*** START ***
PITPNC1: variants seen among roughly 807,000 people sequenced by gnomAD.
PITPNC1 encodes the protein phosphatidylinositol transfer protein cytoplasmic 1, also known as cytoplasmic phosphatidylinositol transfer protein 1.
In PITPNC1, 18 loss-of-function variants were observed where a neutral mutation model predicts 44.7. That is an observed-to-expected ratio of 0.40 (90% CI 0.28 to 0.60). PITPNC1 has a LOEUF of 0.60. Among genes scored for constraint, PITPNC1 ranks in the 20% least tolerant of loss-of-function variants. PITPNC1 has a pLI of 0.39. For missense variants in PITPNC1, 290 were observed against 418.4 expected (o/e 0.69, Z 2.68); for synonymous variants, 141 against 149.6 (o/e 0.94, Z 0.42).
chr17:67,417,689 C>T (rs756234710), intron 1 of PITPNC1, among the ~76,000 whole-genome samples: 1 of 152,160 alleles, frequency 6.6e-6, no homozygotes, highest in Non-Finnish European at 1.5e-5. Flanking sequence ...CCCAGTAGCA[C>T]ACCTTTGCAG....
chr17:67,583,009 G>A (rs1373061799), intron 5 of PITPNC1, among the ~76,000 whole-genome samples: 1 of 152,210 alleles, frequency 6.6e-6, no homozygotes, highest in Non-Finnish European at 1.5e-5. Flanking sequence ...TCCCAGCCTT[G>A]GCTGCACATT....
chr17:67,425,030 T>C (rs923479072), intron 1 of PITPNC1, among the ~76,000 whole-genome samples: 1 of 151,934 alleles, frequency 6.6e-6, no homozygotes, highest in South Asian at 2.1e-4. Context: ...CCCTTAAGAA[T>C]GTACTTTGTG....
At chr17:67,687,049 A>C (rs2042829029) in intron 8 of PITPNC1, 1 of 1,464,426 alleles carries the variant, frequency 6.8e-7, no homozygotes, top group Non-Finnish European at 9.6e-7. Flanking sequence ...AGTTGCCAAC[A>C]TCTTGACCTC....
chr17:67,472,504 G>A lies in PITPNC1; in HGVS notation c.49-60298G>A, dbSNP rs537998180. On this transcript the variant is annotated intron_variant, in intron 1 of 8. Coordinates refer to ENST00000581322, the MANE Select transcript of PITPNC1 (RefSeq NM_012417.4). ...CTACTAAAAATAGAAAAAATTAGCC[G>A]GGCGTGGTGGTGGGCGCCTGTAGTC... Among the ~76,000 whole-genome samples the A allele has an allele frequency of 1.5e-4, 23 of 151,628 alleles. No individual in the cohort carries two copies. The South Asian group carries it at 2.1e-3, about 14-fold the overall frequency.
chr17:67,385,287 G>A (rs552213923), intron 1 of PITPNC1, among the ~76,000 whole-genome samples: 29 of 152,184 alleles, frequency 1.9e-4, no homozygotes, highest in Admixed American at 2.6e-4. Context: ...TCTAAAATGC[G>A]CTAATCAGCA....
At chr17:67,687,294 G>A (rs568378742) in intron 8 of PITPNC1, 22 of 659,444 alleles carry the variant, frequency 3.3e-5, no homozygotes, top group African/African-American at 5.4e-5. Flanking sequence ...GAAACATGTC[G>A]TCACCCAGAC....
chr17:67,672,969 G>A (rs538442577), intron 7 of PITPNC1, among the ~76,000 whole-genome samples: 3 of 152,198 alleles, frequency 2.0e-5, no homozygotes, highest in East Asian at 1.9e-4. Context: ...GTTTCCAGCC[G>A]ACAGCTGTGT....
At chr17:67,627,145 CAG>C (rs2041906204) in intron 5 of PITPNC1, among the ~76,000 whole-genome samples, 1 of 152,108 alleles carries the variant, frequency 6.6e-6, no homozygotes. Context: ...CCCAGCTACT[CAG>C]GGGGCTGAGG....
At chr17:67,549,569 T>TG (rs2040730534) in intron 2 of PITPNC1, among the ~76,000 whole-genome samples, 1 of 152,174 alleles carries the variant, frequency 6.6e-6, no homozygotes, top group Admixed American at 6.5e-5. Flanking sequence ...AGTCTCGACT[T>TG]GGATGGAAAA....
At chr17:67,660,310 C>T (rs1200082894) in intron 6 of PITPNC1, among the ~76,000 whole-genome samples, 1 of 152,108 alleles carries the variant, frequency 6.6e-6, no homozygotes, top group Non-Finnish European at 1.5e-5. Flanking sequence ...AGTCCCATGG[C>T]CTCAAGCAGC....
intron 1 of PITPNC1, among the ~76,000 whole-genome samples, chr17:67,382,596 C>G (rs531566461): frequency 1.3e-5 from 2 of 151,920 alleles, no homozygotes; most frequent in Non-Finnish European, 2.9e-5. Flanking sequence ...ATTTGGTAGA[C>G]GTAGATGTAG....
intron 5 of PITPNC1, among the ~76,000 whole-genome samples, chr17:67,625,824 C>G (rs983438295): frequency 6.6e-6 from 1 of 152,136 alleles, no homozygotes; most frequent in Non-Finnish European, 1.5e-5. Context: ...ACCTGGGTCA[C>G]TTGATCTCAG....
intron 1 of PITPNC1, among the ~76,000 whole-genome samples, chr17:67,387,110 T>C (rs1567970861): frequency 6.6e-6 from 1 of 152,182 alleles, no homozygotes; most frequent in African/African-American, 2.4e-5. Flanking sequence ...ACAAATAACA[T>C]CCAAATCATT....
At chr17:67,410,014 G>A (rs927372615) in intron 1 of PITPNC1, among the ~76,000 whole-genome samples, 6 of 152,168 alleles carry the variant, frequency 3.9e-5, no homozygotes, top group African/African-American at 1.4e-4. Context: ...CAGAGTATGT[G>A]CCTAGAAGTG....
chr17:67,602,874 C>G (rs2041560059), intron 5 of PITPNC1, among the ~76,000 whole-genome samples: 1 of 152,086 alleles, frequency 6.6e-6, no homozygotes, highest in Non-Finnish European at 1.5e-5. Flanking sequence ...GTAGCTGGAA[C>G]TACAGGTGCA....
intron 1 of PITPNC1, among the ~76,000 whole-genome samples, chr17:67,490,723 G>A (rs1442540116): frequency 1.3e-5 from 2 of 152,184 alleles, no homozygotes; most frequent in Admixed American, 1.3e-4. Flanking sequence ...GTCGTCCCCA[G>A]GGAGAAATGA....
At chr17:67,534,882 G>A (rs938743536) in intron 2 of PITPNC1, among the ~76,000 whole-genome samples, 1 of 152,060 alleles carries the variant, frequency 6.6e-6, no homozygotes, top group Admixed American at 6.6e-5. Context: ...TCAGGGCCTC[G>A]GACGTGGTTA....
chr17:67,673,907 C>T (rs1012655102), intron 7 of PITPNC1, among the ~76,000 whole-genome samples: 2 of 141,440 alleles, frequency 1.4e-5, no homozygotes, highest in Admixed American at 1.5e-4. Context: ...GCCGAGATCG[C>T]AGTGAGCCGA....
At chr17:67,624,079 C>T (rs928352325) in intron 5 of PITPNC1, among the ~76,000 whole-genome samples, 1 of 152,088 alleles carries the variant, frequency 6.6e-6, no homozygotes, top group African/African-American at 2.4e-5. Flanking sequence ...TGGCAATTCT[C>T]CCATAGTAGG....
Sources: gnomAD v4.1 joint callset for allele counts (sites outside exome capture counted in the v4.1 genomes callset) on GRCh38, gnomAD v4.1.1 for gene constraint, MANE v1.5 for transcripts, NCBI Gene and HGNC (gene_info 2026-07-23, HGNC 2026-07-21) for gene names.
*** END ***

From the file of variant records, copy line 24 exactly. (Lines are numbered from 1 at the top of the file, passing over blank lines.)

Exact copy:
Sources: gnomAD v4.1 joint callset for allele counts (sites outside exome capture counted in the v4.1 genomes callset) on GRCh38, gnomAD v4.1.1 for gene constraint, MANE v1.5 for transcripts, NCBI Gene and HGNC (gene_info 2026-07-23, HGNC 2026-07-21) for gene names.